Background and purpose Time is essential for treatment of acute ischemic stroke (AIS) for patients with large-vessel occlusion (LVO). It is now well established that decreasing the time between stroke-onset to groin-puncture significantly improves functional outcomes for these patients (Bourcier et al., 2019). One potential method of shortening this time is to by-pass the CT department and bring patients directly to the angiosuite for baseline imaging. However, in order for this to gain mainstream acceptance, the diagnostic quality of cone beam CT performed in the angiosuite needs to be comparable to that of conventional CT to exclude haemorrhages and well-define the stroke core. Therefore, the purpose of this study was to compare the imaging quality of the latest generation cone beam CT (CB-CT) imaging to conventional multidetector CT (MD-CT) using a quantitative and qualitative analysis
Methods Patients with AIS who received endovascular mechanical thrombectomy were prospectively included in this monocentric study (n=55). Baseline MD-CT imaging acquired in CT was compared to one of two CB-CT imaging protocols acquired in the angiosuite: either the traditional CB-CT imaging protocol or the newest generation CB-CT imaging protocol, which has a faster acquisition time and improved built-in reconstruction algorithms. All three imaging datasets were analyzed using quantitative and qualitative measures. Average houndsfield units and standard deviations were calculated in 4 gray and 4 white matter regions and a contrast-to-noise ratio (CNR) was calculated. Two neuroradiologists with varying levels of expertise assessed 6 measures of image quality (Noise, Artefacts, Gray/white matter differentiation, Subarachnoid space sharpness, Ventricular margins, Distinctiveness of posterior fossa contents) using a 5-point Likert-scale (1= Very poor, 2= Poor, 3= Acceptable, 4= Good; 5= Very Good). Diagnosis of early ischemic changes were quantified using ASPECTS and scores were compared between groups.
Results Mean CNR in MD-CT (2.86±0.72) was superior to CB-CT imaging (2.24±0.87; p=<0.01); however, after dose correction (MD-CT= 105 mGy vs. CB-CT= 65 mGy), the difference in mean CNR values between both groups was eliminated (CB-CT dose corrected CNR= 2.93±1.29; p=0.58). Kruskal-Wallis one-way analysis of variance with follow-up Dunn’s tests revealed that although MD-CT is superior to CB-CT image quality, the latest generation CB-CT imaging protocol provides images that are consistently superior to the traditional CB-CT imaging protocol in all 6 categories scored. New CB-CT images had less noise (p= <0.001) and artefacts (p= <0.01), and better gray/white matter differentiation (p= <0.001), subarachnoid space sharpness (p= <0.001), ventricular margins (p= <0.01) and distinctiveness of Posterior fossa contents (p= <0.02) compared to traditional CB-CT. Additionally, 90.3% of new CB-CT (n=28/31) scans were deemed acceptable to give an ASPECTS score, compared to only 50% of traditional CB-CT (n=3/6) images.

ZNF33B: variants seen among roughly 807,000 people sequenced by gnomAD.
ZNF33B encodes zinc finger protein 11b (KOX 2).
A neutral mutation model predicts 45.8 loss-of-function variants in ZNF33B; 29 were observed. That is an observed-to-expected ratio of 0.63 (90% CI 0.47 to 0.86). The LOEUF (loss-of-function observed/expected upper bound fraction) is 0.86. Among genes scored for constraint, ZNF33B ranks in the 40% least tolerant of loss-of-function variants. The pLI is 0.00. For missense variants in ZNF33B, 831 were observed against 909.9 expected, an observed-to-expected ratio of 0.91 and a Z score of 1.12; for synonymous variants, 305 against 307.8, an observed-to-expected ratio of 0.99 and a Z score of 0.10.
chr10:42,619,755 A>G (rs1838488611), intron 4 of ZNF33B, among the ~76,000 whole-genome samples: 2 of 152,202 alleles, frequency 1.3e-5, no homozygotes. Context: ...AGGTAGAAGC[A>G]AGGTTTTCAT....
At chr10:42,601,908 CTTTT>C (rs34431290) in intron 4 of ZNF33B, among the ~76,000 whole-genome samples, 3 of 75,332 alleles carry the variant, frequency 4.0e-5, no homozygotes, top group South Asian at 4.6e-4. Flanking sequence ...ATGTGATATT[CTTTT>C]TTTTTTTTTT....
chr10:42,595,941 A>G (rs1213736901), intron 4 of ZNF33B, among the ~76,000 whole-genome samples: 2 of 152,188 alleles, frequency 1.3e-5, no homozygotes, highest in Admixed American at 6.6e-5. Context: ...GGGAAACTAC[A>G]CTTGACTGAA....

Conclusions The latest generation of CB-CT images are superior to older CB-CT imaging protocols, having superior quantitative and qualitative features. Although MD-CT is still superior, recent improvements suggest that CB-CT is acceptable for emergency stroke imaging assessment before mechanical thrombectomy, which reduces door-to-groin puncture times and improve patient outcomes.
Disclosures N. Cancelliere: None. P. Nicholson: None. J. Bracken: 5; C; Philips Healthcare. F. Nijnatten: 5; C; Philips Healthcare. E. Hummel: 5; C; Philips Healthcare. T. Grunhagen: 5; C; Philips Healthcare. M. Vlimmeren: 5; C; Philips Healthcare. T. Krings: None. V. Mendes Pereira: 1; C; Philips Healthcare. 2; C; Stryker, Medtronic.
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